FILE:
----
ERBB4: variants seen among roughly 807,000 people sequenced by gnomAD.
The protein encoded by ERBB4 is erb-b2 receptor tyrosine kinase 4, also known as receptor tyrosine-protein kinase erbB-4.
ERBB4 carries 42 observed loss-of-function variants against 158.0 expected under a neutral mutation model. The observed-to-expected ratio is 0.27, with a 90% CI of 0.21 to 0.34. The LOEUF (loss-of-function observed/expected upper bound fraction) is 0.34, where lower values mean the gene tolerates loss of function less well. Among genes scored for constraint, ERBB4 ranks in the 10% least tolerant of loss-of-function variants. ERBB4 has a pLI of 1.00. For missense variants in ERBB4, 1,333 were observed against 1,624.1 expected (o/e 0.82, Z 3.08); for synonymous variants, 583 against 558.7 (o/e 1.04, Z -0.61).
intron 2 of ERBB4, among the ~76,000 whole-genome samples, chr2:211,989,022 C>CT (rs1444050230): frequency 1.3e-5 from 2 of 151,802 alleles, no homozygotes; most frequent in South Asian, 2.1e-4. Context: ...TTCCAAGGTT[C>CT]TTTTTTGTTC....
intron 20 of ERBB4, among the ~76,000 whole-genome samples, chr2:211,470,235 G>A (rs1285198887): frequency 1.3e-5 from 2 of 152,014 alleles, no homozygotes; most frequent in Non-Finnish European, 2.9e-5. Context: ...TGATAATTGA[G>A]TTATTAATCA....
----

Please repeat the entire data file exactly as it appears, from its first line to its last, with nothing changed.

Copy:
ERBB4: variants seen among roughly 807,000 people sequenced by gnomAD.
The protein encoded by ERBB4 is erb-b2 receptor tyrosine kinase 4, also known as receptor tyrosine-protein kinase erbB-4.
ERBB4 carries 42 observed loss-of-function variants against 158.0 expected under a neutral mutation model. The observed-to-expected ratio is 0.27, with a 90% CI of 0.21 to 0.34. The LOEUF (loss-of-function observed/expected upper bound fraction) is 0.34, where lower values mean the gene tolerates loss of function less well. Among genes scored for constraint, ERBB4 ranks in the 10% least tolerant of loss-of-function variants. ERBB4 has a pLI of 1.00. For missense variants in ERBB4, 1,333 were observed against 1,624.1 expected (o/e 0.82, Z 3.08); for synonymous variants, 583 against 558.7 (o/e 1.04, Z -0.61).
intron 2 of ERBB4, among the ~76,000 whole-genome samples, chr2:211,989,022 C>CT (rs1444050230): frequency 1.3e-5 from 2 of 151,802 alleles, no homozygotes; most frequent in South Asian, 2.1e-4. Context: ...TTCCAAGGTT[C>CT]TTTTTTGTTC....
intron 20 of ERBB4, among the ~76,000 whole-genome samples, chr2:211,470,235 G>A (rs1285198887): frequency 1.3e-5 from 2 of 152,014 alleles, no homozygotes; most frequent in Non-Finnish European, 2.9e-5. Context: ...TGATAATTGA[G>A]TTATTAATCA....